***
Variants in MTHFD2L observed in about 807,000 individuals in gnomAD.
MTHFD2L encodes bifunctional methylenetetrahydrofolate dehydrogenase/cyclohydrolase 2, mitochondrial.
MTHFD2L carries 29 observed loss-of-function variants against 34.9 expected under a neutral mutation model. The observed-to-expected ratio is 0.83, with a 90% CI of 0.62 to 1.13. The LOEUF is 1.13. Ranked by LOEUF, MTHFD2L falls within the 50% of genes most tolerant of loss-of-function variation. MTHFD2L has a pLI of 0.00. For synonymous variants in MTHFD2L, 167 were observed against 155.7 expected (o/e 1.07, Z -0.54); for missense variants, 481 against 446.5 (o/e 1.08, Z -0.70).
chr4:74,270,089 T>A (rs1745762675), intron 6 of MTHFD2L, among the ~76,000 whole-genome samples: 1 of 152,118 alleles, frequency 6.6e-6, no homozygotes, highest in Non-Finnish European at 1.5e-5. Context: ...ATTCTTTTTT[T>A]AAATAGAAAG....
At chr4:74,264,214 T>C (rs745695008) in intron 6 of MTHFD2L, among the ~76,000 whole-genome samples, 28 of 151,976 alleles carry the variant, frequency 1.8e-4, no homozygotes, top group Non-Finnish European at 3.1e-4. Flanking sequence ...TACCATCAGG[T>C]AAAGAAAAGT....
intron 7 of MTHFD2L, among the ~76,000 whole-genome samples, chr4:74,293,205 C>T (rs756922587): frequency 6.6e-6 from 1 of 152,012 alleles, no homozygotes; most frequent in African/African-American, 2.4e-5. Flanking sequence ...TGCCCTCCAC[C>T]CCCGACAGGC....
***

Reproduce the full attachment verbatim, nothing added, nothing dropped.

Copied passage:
Variants in MTHFD2L observed in about 807,000 individuals in gnomAD.
MTHFD2L encodes bifunctional methylenetetrahydrofolate dehydrogenase/cyclohydrolase 2, mitochondrial.
MTHFD2L carries 29 observed loss-of-function variants against 34.9 expected under a neutral mutation model. The observed-to-expected ratio is 0.83, with a 90% CI of 0.62 to 1.13. The LOEUF is 1.13. Ranked by LOEUF, MTHFD2L falls within the 50% of genes most tolerant of loss-of-function variation. MTHFD2L has a pLI of 0.00. For synonymous variants in MTHFD2L, 167 were observed against 155.7 expected (o/e 1.07, Z -0.54); for missense variants, 481 against 446.5 (o/e 1.08, Z -0.70).
chr4:74,270,089 T>A (rs1745762675), intron 6 of MTHFD2L, among the ~76,000 whole-genome samples: 1 of 152,118 alleles, frequency 6.6e-6, no homozygotes, highest in Non-Finnish European at 1.5e-5. Context: ...ATTCTTTTTT[T>A]AAATAGAAAG....
At chr4:74,264,214 T>C (rs745695008) in intron 6 of MTHFD2L, among the ~76,000 whole-genome samples, 28 of 151,976 alleles carry the variant, frequency 1.8e-4, no homozygotes, top group Non-Finnish European at 3.1e-4. Flanking sequence ...TACCATCAGG[T>C]AAAGAAAAGT....
intron 7 of MTHFD2L, among the ~76,000 whole-genome samples, chr4:74,293,205 C>T (rs756922587): frequency 6.6e-6 from 1 of 152,012 alleles, no homozygotes; most frequent in African/African-American, 2.4e-5. Flanking sequence ...TGCCCTCCAC[C>T]CCCGACAGGC....